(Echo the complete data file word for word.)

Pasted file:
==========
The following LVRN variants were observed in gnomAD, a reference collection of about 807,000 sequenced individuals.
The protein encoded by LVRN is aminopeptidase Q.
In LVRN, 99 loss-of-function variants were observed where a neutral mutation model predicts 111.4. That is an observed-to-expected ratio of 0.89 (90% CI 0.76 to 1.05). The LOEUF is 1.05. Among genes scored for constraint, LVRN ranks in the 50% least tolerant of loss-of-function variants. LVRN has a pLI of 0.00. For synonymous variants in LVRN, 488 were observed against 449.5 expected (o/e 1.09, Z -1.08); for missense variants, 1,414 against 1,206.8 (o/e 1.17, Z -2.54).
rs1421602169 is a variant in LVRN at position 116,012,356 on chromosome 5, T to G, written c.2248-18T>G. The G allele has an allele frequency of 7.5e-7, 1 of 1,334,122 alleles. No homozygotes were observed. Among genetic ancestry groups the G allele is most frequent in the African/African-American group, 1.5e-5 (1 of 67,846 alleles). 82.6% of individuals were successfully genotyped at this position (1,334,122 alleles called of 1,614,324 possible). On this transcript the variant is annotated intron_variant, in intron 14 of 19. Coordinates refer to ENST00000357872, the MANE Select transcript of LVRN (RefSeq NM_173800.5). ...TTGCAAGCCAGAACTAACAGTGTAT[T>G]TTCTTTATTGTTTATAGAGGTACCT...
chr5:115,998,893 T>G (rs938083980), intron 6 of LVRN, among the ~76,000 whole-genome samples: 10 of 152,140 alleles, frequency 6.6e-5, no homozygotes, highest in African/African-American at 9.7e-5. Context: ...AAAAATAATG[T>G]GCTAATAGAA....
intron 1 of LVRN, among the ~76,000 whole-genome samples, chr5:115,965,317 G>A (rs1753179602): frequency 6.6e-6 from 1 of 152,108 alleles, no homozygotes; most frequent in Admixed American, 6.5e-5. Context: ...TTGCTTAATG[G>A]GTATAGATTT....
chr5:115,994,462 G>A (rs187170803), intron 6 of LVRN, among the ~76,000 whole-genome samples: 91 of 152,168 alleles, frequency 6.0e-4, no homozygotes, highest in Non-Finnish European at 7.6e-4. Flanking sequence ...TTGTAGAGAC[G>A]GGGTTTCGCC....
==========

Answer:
The following LVRN variants were observed in gnomAD, a reference collection of about 807,000 sequenced individuals.
The protein encoded by LVRN is aminopeptidase Q.
In LVRN, 99 loss-of-function variants were observed where a neutral mutation model predicts 111.4. That is an observed-to-expected ratio of 0.89 (90% CI 0.76 to 1.05). The LOEUF is 1.05. Among genes scored for constraint, LVRN ranks in the 50% least tolerant of loss-of-function variants. LVRN has a pLI of 0.00. For synonymous variants in LVRN, 488 were observed against 449.5 expected (o/e 1.09, Z -1.08); for missense variants, 1,414 against 1,206.8 (o/e 1.17, Z -2.54).
rs1421602169 is a variant in LVRN at position 116,012,356 on chromosome 5, T to G, written c.2248-18T>G. The G allele has an allele frequency of 7.5e-7, 1 of 1,334,122 alleles. No homozygotes were observed. Among genetic ancestry groups the G allele is most frequent in the African/African-American group, 1.5e-5 (1 of 67,846 alleles). 82.6% of individuals were successfully genotyped at this position (1,334,122 alleles called of 1,614,324 possible). On this transcript the variant is annotated intron_variant, in intron 14 of 19. Coordinates refer to ENST00000357872, the MANE Select transcript of LVRN (RefSeq NM_173800.5). ...TTGCAAGCCAGAACTAACAGTGTAT[T>G]TTCTTTATTGTTTATAGAGGTACCT...
chr5:115,998,893 T>G (rs938083980), intron 6 of LVRN, among the ~76,000 whole-genome samples: 10 of 152,140 alleles, frequency 6.6e-5, no homozygotes, highest in African/African-American at 9.7e-5. Context: ...AAAAATAATG[T>G]GCTAATAGAA....
intron 1 of LVRN, among the ~76,000 whole-genome samples, chr5:115,965,317 G>A (rs1753179602): frequency 6.6e-6 from 1 of 152,108 alleles, no homozygotes; most frequent in Admixed American, 6.5e-5. Context: ...TTGCTTAATG[G>A]GTATAGATTT....
chr5:115,994,462 G>A (rs187170803), intron 6 of LVRN, among the ~76,000 whole-genome samples: 91 of 152,168 alleles, frequency 6.0e-4, no homozygotes, highest in Non-Finnish European at 7.6e-4. Flanking sequence ...TTGTAGAGAC[G>A]GGGTTTCGCC....